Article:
E70 is my "normal" EDC now, LD12 or i5T as my "dress" EDC, L2 is in the go bag, X300 on my full sized pistol. Got a E35v3 in the truck, E12v2 w/Leatherman(usually on my belt), LD10 on my 12ga, Streamlight TwinTask in my tool box. Klarus SP10 in my day pack & a Klarus EP10 on my ALICE belt/harness + a few Maglites I'd grab given time & room

I'm not afraid of the dark .. just what hides in it
 

Hooked on Fenix

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Dec 13, 2007
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2,174
Good idea for thinking we have a disaster to prep for coming. Let’s see. Volcano eruption in Canary Islands they said would cause a mega tsunami that would wipe out the east coast of the U.S.. Check. Millions of people homeless that were recently evicted when eviction moratorium ended, check. Millions of essential workers in police, firefighters, nursing, trucking, etc. about to be fired for not getting the vaccine, check. Imminent government shutdown with more taxes and unprecedented spending, check. An armed Taliban with more weapons than most first world countries, check. A porous southern border that terrorists can easily get through, check. A sun burping out M class solar flares, check. Two ransomware attacks this year that harmed our gas and food distribution, check. Entire states (Louisiana, Texas) and much of a neighboring country (Mexico) recently had entire electric grids collapse, check. Largest fires in U.S. history on west coast, check. Did I miss anything?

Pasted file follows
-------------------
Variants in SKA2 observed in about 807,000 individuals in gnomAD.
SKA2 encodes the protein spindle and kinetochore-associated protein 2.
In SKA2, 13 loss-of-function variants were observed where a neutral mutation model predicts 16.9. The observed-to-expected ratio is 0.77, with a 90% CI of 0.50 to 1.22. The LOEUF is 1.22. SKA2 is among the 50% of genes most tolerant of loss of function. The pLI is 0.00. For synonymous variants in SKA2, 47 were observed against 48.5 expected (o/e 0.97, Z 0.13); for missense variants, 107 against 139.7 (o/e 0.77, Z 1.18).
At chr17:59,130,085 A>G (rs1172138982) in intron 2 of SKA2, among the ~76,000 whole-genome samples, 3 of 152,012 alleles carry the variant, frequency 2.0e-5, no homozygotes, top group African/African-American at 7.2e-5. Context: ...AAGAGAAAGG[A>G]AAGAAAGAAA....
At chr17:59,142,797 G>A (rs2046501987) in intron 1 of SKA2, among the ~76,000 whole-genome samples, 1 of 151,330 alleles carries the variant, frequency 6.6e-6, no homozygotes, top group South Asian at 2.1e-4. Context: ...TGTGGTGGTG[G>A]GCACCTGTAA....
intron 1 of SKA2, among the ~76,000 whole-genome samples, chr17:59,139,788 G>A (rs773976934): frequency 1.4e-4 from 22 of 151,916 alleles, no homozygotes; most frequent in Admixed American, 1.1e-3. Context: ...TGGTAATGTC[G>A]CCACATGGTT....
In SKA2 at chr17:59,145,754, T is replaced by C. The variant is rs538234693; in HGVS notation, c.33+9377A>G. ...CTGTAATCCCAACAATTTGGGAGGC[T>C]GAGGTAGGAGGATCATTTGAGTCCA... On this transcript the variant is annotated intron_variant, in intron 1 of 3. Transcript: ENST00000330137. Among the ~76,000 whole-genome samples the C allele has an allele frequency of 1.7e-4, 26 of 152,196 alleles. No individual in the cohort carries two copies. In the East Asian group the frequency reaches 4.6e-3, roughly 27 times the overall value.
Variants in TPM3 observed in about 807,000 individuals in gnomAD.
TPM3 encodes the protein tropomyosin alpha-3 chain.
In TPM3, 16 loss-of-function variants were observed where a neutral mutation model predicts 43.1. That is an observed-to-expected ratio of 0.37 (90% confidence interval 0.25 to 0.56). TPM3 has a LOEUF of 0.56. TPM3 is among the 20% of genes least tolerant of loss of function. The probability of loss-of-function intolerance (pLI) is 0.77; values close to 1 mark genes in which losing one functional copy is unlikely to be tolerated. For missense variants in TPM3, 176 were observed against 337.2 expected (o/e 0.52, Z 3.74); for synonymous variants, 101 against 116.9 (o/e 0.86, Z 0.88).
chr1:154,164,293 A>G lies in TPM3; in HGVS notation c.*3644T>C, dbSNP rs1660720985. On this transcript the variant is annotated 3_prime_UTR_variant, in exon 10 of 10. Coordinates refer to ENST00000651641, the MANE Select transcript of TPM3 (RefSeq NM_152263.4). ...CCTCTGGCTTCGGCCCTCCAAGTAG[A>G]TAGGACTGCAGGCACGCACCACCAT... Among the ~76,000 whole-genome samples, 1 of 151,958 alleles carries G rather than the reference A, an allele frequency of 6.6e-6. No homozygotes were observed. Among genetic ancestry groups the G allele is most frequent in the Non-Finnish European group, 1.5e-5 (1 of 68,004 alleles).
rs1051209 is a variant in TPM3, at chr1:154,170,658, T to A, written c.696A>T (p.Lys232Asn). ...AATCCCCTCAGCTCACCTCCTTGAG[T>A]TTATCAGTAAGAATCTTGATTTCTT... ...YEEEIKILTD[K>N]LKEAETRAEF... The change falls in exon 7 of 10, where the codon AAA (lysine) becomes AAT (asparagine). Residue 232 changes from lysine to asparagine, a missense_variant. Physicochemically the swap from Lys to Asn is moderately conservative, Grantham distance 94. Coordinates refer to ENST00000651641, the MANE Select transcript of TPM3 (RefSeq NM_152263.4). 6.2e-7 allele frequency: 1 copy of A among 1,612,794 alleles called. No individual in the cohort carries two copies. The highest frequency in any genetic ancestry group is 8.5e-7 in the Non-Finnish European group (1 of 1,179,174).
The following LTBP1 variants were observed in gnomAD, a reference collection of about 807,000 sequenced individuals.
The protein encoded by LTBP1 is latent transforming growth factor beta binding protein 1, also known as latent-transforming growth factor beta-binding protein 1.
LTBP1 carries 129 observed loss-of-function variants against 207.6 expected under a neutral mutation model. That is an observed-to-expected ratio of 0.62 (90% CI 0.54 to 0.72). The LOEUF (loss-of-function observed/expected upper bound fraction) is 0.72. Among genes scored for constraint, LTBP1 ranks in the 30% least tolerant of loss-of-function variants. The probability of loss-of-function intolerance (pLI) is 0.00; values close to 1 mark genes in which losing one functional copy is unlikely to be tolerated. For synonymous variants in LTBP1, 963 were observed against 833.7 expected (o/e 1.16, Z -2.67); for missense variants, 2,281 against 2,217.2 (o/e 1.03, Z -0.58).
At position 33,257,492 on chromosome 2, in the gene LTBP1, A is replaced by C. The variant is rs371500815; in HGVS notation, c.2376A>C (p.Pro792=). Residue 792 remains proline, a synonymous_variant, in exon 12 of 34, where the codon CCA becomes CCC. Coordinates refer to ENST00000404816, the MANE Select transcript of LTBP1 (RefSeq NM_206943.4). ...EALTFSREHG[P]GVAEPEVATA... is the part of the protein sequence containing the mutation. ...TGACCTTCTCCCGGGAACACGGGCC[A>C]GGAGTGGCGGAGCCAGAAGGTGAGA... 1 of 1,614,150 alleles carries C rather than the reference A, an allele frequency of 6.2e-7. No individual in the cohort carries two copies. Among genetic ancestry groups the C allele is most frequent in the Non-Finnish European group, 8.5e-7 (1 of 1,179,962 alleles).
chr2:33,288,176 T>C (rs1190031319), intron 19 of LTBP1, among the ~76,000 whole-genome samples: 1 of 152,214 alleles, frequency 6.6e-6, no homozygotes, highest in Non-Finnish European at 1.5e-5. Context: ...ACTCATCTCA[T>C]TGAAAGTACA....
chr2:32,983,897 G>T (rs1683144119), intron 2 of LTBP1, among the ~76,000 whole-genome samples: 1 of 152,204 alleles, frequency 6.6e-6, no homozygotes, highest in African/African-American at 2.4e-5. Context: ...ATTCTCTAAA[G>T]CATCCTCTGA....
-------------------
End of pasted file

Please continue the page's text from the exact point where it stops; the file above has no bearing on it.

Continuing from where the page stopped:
For disasters, I’ll choose a light with the best runtime for long term outages (1500 hours on low), a decent high with good throw for search and rescue scenarios (1200 lumens), a medium that will allow travel on foot for days at a usable brightness (55 lumens for 46 hours), and a good, bright setting that will last an entire work shift for keeping my home/shelter secure in the event of riots, looting, etc. (300 lumens for 8 hours). For disasters, I’ll stick with a Nitecore MH10 v.2 loaded with a 5 amp 21700 li-ion battery. Keep a solar charger and 12 volt car USB charger and some spare batteries and I should be good to go.
 

Hemicrusher

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Apr 4, 2021
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I have a couple Surefire G2X Pros, and a few Olight Baton S10, all packed with fresh CR123s around the house.